Yet, they would much prefer to be annihilated than yet meet God face to face, and have to give an account of themselves to Him (Romans 14:12). They hate His holiness and dread His justice, while despising His goodness and abusing His mercies. The only "life" they know has its objects in this world, and its enjoyment in gratifying the lusts of the flesh. None will know how utterly man is lost until either they experience His wrath in Hell or behold His glory in Heaven, and can then measure the fearful distance they have departed from Him. Now, dear reader, if you be Christless, the above describes your woeful case, and, as we have stated, it sets forth the unerring diagnosis of God Himself. You are at this moment a lost soul. That is not merely the opinion of the writer, but the solemn sentence of your Judge. Oh that you were so in your own apprehension. Not that that is a condition of salvation or of your accepting the Gospel offer, for it is the work of Christ for sinners and not that of the Spirit in them which is the only foundation on which a scriptural hope may be built. Yet the whole need not a physician, but they who know themselves to be sick, and until a miracle of grace be wrought upon them, no soul can have a feeling sense of his lost condition, for until then he is deaf to God's calls, and without any godly sorrow for sin. Does the reader say, But I have been saved? Our reply is, Make quite sure you have scriptural proof thereof in your heart and life.
"For the Son of man is come to seek and to save that which was lost" (Luke 19:10).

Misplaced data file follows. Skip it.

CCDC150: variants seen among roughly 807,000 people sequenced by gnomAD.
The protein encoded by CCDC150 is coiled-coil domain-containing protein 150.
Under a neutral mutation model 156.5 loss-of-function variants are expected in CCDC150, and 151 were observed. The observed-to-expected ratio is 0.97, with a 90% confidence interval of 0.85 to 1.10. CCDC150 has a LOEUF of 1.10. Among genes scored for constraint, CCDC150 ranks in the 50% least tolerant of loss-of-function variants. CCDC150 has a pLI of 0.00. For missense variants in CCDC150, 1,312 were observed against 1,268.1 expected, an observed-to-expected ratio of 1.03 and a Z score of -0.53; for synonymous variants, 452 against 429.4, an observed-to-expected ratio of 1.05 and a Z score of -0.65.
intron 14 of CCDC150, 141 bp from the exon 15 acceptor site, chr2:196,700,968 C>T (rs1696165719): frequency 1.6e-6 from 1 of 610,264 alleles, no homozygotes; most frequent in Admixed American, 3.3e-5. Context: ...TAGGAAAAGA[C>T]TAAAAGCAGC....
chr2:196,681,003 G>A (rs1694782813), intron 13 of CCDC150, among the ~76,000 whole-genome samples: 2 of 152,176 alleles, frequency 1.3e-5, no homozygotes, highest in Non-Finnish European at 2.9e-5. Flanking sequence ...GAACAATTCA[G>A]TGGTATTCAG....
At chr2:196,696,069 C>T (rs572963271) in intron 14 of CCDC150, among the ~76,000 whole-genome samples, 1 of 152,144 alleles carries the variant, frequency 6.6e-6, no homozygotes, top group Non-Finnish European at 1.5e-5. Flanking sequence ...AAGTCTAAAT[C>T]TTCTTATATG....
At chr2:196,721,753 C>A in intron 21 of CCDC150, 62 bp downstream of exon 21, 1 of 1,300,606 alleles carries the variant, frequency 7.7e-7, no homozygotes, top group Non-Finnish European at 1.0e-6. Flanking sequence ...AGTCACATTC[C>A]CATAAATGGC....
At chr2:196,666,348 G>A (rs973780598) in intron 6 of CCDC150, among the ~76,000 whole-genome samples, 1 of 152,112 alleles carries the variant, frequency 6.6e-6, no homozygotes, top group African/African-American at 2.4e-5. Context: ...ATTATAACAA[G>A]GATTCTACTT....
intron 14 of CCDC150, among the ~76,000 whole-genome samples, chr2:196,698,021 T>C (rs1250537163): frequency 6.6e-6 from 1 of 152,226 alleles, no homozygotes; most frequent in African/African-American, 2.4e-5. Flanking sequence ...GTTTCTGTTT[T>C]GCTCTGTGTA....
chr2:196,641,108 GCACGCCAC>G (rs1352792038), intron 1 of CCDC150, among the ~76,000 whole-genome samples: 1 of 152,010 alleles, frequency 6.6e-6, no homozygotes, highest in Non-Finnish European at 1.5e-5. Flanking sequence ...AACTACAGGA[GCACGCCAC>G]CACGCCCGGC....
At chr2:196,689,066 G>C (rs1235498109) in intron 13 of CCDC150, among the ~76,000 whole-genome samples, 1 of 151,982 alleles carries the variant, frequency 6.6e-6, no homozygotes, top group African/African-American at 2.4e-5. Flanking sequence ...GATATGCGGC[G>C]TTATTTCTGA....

Our very familiarity with those words is apt to deprive them of their impressiveness and make us lose our sense of wonderment at them. First, in connection with the Seeker Himself. This was none other than the Beloved co-equal of the Father. To engage in His quest it was needful for Him to leave Heaven and come down to this earth. But more: it was required that He become incarnate and take upon Him the nature not of angels, but be made "in the likeness of sin's flesh". Nor was that sufficient: He had to go where the objects of His search were, and that entailed His being made sin, coming under the curse of the broken Law, being abandoned of God for a season. This was absolutely imperative if any of Adam's fallen race were to be recovered, for in themselves they were utterly undone, irretrievably ruined, but the Son of God became the Son of man to bring hope to the hopeless, to give life to the dead, to heal the incurable, to—not merely to, or offer to, but actually—seek and save that which was lost. There could be no possibility or failure in connection with such a mission as that, for the infinite resources of the Godhead guaranteed its complete success, and therefore was it divinely announced of Him as a child, "you shall call His name Jesus: for He shall save His people from their sins" (Matthew 1:21)—not simply that He would be willing on His part so to do, but that despite their native unwillingness and all other opposition he should save them. Ah, but note who are the ones to be so favored and blessed: not all mankind, but "His people"—those given to Him by the Father before the foundation of the world (John 17:2, 24; Ephesians 1:4).